The Trump administration’s “strategic approach” claims to not want that for China. Indeed, it is quite explicit on that score. e.g. “Our approach is not premised on determining a particular end state for China” or “We do not seek to contain China’s development.”
But the tenor of the document suggests that the nature of the Chinese regime is so fixed, and the scale of its crimes against humanity so grave, that, from a practical perspective, very little accommodation is possible or should be allowed. (And, again, the document was written before the Trump administration changed course on Hong Kong in order to pressure Beijing for its actions, and also before Beijing’s worrisome change in tone vis‐à‐vis Taiwan.)
That harsher stance toward China, reflecting an inability to reconcile with Beijing, is reflected in a memo by the National Republican Senatorial Committee, which advised candidates “Don’t defend Trump, other than the China Travel Ban — attack China.” Former Vice President Biden reportedly aims to “out‐tough” Trump on China in the coming presidential campaign.
This makes me very nervous. But I’m not the only one.
I happened to tune into a discussion with investor and philanthropist David Rubenstein hosted by Atlantic Council President and CEO Frederick Kempe. In addition to being a very generous supporter of a number of causes, Rubenstein is also a great interviewer. During the Atlantic Council discussion, it was a little hard to figure out who was the interviewer and who was the interviewee.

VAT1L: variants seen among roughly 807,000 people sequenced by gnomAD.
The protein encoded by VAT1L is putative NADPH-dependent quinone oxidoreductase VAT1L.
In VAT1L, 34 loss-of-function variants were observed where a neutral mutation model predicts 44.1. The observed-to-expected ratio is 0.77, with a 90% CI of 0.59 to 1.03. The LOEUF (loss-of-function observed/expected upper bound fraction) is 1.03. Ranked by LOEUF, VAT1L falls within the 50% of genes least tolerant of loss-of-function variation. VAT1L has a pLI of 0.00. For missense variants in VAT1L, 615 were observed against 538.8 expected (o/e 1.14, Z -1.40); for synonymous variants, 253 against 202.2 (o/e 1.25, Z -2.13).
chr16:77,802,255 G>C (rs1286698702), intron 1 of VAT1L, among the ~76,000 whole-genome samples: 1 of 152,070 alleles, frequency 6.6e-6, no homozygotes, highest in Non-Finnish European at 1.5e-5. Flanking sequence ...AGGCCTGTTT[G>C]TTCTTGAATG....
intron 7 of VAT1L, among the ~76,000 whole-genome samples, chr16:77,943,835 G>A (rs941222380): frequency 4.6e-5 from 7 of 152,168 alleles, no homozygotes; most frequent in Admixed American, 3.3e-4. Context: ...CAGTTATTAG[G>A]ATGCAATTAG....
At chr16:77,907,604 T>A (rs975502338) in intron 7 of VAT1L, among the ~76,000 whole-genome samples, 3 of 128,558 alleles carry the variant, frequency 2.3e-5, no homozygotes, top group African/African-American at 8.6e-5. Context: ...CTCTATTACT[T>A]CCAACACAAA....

But, at one point, Kempe asked Rubenstein about China. The Atlantic Council summarized the exchange:
“This is by far the most important bilateral relationship in the world,” [Rubenstein] said, expressing fear that Washington‐Beijing ties will worsen before they improve. “You’re going to see people blaming China for a lot of what’s happened. Whether that’s fair or not is another issue, but people running for office won’t see any downside politically. I think it’s important that we not let political exigencies overcome us, and make sure this relationship stays intact.”
There’s no question, he said, that China is playing a much bigger role in Europe, Latin America, Africa, and the Middle East than it did thirty years ago. But that makes perfect sense from the Chinese point of view…considering that for much of world history, China was the world’s dominant political and economic superpower.
“It’s only in the last 100 years or so they’ve fallen down. Now they’re just regaining their rightful position,” he said, noting that this has coincided with a sharp drop in US influence. “After World War II, we were 50 percent of the world’s gross domestic product (GDP). Today we’re at 18 percent. We just cannot do the things we once could afford to do, and politically we can’t get away with it.”
I wish more foreign policy experts approached the question — what to do about China? — from that perspective.
A strategic approach to any problem must be oriented around reasonable expectations. In the case of China, that starts with the realization that China — unlike the Soviet Union — isn’t going to just go away.